The RSPCA says there has been a surge in puppy trafficking as dogs shot up in popularity as a result of the pandemic
A dog owner whose Maltipoo changed colour has gone viral after revealing how she believes she was scammed by a breeder.
The puppy, named Porter, was sold as a male red brown Maltese cross poodle, but weeks later the owner realised she’d been conned.
Posting a video to the TikTok account Porterpoo, she shared an image of Porter as a puppy with a reddish coat.
A slideshow of images sees Porter grow bigger, with his fur growing out to reveal white patches.
Text over the video read: “When you get scammed by the breeder and find out your dog was dyed.”
The video racked up over 13.3 million views in less than three weeks, with 20,000 people leaving outraged comments.
One TikTok user said: “This actually makes me so upset and angry. It’s because of people buying dogs from breeders that dog theft is so common.”
But a number of viewers explained that doodle breeds often change colour when they lose their puppy coat.
One commented: “That looks like his puppy fur. I was there when my poodle was born and his fur is drastically lighter now.”
Another added: “I have seen a lot of dogs go a different colour as they grew. We had a poodle that was very dark brown as a pup and grew up to be leigh beige.”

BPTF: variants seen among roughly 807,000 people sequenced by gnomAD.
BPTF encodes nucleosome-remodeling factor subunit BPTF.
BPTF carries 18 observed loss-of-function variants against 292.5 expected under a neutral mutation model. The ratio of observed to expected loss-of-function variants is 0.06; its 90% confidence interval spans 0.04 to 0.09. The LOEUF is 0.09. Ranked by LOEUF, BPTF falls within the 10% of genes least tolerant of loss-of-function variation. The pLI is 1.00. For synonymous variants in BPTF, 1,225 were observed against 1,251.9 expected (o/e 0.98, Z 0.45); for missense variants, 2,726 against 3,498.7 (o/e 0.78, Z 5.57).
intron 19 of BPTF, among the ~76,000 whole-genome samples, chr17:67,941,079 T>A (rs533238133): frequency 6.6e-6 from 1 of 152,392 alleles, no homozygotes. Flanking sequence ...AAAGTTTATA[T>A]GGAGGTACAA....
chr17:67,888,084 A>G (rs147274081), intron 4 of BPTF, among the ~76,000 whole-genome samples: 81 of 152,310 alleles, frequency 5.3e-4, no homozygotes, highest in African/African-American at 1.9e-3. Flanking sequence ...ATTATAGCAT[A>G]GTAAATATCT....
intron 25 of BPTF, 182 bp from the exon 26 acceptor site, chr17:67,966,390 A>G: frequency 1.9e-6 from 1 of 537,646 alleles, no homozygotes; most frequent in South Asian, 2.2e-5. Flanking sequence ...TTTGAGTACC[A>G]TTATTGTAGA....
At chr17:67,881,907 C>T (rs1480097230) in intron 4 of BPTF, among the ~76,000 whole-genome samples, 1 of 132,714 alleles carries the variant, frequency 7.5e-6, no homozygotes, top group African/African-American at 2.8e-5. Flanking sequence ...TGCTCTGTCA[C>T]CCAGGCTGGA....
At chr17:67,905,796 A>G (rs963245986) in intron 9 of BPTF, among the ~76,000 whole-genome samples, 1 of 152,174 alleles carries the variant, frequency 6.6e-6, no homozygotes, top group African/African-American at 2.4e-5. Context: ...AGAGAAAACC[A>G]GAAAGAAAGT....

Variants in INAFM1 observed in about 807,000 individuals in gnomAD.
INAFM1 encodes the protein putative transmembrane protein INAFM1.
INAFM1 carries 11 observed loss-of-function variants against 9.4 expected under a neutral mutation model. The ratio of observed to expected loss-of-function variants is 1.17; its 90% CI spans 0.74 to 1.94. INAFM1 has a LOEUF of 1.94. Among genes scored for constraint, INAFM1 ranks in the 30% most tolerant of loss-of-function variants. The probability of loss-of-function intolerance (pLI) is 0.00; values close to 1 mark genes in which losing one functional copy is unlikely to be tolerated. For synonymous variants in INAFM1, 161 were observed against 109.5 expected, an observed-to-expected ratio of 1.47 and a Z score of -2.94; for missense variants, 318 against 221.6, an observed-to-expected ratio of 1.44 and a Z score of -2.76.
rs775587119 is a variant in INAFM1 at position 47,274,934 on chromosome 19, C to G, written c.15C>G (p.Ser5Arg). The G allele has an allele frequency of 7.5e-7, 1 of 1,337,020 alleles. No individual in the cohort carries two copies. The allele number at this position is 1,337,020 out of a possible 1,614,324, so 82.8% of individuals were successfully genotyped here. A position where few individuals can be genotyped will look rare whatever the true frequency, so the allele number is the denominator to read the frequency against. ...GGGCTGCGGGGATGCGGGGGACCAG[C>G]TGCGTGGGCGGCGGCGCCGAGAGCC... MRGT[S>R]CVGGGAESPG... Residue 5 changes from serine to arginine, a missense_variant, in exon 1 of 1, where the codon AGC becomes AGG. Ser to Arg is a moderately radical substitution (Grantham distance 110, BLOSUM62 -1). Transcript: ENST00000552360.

In another video Porter’s owner explained how she was mis-sold the puppy as a male, when Porter was actually a four or five week old female – far too young to have been taken from their mum.
The owner said: “My family surprised me with a dog for my birthday last year. She was supposed to be a male red-brown maltipoo.
“We were told she was eight weeks old, but I thought it was weird that she was really frail and slept all day.”
Porter’s family asked the breeder to send over the puppy’s vaccination records, but reportedly stopped answering the phone, at which point, Porter’s owner “started freaking out” and took the Maltipoo to a vet.
She added: “We soon found out Porter was a girl, most likely not a Maltipoo, only four to five weeks old and had not been vaccinated.
“I was so mad you have no idea, but we got lucky because she is healthy.”
Porter’s owner was devastated to find out that sick puppies are often trafficked into the country and sold under false pretences.
She issued a warning to viewers, urging them to research their breeders before purchasing a puppy, adding: “I later found out that there are many puppy traffickers selling sick puppies, often dyed to make them appear to be another colour and breed, and also sold with fake vaccination records.
“Many of the puppies died days after purchase. If I had a choice in this I definitely would have adopted.”
The RSPCA believe the pandemic encouraged illegal puppy trading after demand for pets surged in lockdown.
A spokesperson said: “Shortly after the UK-wide lockdown began in March 2020, the interest in getting a puppy skyrocketed.
“Suddenly, prices for specific breeds doubled and the UK market struggled to keep up.
“With huge profits to be made, this imbalance provided ample opportunity for people acting illegally and irresponsibly to get rich, import puppies and take advantage of pet buyers.
“Sadly, buying an imported pet, especially one that has been smuggled, could cost thousands in vet fees and even more in emotional distress. Poor breeding and rearing can result in hidden risks such as lifelong illness, suffering and premature death. These could all be on the cards, along with certain heartache.”